How Three Arrows Capital Blew Up and Set Off a Crypto Contagion

Bitcoin Price

In the July 8 filings for the US bankruptcy case, advisers in charge of liquidating the fund say that Zhu and Davies haven’t cooperated with them and that the founders’ whereabouts were unknown. On July 12, Zhu tweeted that a “good faith” effort to work with the liquidators “was met with baiting.” Zhu, Davies, and their lawyers did not respond to requests for comment.

The rise and fall of 3AC, as their Singapore-based fund was known, parallels the transformation of crypto. What started with speculation on a few well-known coins such as Bitcoin and Ether became an interdependent industry of tokens linked to other tokens, crypto companies acting like banks offering depositors double-digit yields, and lots of borrowing by traders looking to juice their returns. The rapid growth of this infrastructure helped push up crypto prices and 3AC’s fortunes; when prices turned this year, 3AC unraveled and may have even accelerated the decline. For all the complexity of the new crypto ecosystem—the “smart contracts,” reams of online white papers, and heady talk of decentralized finance—it still proved to be a giant wager on the simple idea that there would always be more buyers for digital coins and prices would mostly keep going up.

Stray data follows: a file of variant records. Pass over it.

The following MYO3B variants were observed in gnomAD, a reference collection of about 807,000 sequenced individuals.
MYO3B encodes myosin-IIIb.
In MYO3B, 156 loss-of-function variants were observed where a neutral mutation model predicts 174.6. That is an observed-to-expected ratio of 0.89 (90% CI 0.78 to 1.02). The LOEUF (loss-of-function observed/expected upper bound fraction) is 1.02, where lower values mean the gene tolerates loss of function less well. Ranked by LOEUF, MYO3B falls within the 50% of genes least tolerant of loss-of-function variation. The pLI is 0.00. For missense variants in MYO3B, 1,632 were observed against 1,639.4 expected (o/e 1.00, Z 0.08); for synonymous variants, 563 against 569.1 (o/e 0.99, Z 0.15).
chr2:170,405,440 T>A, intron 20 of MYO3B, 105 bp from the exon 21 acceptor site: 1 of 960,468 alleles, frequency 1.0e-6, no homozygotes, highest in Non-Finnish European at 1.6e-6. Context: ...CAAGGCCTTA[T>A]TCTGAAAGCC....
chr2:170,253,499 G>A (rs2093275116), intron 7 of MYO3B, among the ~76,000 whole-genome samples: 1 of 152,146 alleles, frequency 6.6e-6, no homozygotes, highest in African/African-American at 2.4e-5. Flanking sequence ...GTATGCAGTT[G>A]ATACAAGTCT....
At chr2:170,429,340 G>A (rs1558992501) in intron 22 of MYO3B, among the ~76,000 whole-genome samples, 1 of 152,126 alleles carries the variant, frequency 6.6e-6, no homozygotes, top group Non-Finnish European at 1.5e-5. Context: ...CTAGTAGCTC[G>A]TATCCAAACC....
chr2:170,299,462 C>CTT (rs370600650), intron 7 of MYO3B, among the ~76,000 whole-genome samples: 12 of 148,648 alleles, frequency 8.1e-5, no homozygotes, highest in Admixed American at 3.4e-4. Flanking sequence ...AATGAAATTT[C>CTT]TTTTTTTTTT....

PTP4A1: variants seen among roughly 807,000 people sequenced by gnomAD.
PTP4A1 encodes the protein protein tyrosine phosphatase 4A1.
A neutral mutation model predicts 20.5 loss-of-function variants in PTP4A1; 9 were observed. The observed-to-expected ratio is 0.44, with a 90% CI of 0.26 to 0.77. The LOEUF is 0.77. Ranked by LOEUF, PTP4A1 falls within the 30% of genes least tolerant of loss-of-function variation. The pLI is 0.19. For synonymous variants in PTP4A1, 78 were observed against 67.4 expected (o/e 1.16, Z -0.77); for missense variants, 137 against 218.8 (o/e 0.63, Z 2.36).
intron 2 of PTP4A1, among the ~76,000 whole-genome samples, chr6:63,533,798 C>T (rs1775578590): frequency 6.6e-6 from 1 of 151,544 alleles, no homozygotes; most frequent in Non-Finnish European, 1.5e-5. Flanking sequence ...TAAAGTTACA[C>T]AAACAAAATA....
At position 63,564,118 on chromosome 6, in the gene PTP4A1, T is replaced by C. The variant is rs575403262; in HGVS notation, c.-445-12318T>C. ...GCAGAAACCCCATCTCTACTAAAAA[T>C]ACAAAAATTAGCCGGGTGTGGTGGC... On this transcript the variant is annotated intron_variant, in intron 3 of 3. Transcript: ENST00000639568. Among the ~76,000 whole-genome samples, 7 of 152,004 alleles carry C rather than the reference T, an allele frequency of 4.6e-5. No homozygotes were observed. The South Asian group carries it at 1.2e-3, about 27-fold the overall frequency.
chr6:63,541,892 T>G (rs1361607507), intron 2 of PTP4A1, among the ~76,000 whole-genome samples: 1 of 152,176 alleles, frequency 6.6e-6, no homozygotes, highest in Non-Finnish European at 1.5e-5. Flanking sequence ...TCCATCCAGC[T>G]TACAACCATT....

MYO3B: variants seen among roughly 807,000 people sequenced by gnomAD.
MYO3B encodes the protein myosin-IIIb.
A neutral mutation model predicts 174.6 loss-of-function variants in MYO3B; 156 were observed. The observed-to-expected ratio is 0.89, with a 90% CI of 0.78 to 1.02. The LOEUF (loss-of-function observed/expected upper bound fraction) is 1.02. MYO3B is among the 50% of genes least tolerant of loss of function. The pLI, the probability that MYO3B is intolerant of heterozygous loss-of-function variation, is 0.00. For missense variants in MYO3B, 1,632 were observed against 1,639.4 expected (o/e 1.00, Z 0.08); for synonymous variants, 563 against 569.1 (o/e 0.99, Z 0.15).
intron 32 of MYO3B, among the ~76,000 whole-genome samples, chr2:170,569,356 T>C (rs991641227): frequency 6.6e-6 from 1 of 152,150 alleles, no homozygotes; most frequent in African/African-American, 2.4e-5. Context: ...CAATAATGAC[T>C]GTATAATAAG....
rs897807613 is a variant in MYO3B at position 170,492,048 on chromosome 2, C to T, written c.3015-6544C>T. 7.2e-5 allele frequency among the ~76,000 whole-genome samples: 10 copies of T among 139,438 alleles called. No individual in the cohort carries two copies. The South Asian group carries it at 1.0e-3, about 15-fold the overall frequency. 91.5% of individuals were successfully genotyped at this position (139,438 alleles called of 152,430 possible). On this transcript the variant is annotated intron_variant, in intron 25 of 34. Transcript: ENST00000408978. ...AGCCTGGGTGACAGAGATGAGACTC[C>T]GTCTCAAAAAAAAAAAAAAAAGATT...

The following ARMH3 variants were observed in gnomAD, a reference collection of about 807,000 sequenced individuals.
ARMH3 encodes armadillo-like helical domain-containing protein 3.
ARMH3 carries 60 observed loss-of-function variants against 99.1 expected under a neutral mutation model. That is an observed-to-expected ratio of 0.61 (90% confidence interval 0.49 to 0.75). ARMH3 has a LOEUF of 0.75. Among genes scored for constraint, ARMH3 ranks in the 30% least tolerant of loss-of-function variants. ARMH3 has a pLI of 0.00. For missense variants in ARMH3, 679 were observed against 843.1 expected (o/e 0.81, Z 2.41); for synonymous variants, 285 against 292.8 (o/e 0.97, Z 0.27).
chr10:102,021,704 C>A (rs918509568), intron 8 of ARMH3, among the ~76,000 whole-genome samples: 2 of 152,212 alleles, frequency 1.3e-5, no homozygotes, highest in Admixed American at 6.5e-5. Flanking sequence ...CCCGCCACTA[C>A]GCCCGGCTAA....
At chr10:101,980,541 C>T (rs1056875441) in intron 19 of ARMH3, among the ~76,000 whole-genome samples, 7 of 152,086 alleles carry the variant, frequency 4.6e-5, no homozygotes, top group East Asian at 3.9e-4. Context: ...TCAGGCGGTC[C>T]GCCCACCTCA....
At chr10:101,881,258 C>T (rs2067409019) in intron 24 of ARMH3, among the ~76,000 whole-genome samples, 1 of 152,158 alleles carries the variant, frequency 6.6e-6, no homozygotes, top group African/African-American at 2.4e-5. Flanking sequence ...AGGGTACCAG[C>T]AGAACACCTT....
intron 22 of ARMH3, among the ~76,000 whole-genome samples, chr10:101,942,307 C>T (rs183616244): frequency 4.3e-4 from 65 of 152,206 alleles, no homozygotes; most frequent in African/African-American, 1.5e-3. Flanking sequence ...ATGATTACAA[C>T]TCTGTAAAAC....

Crypto trading platforms including BlockFi and have since disclosed exposures to 3AC. One—Canadian-listed Voyager Digital Ltd.—has gone under after 3AC defaulted on a loan worth more than $650 million. Its customers, which include a lot of ordinary investors, have had their crypto accounts frozen and are unlikely to get back all their assets. When the music stopped, it turned out that almost everyone had lent to, as many have called it, the Archegos Capital or even Long-Term Capital Management of crypto.

Crypto is vaunted for its transparency: Transactions are recorded on a public blockchain database, and many transactions are governed by open source software rules. But at the big money levels at which 3AC played, borrowing was largely a matter of relationships, not much different from the way typical hedge funds rely on the confidence of their bankers. 3AC borrowed from the biggest crypto lenders without disclosing much about its finances. Zhu’s and Davies’s online personas were populist billionaires who tweeted, “Only boomers trade stocks btw.” But among the pros, no one quite expected them to make such wild wagers. They turned out to be “degens,” crypto slang for degenerate gamblers, like everyone else, says one trading-firm executive who asked not to be named.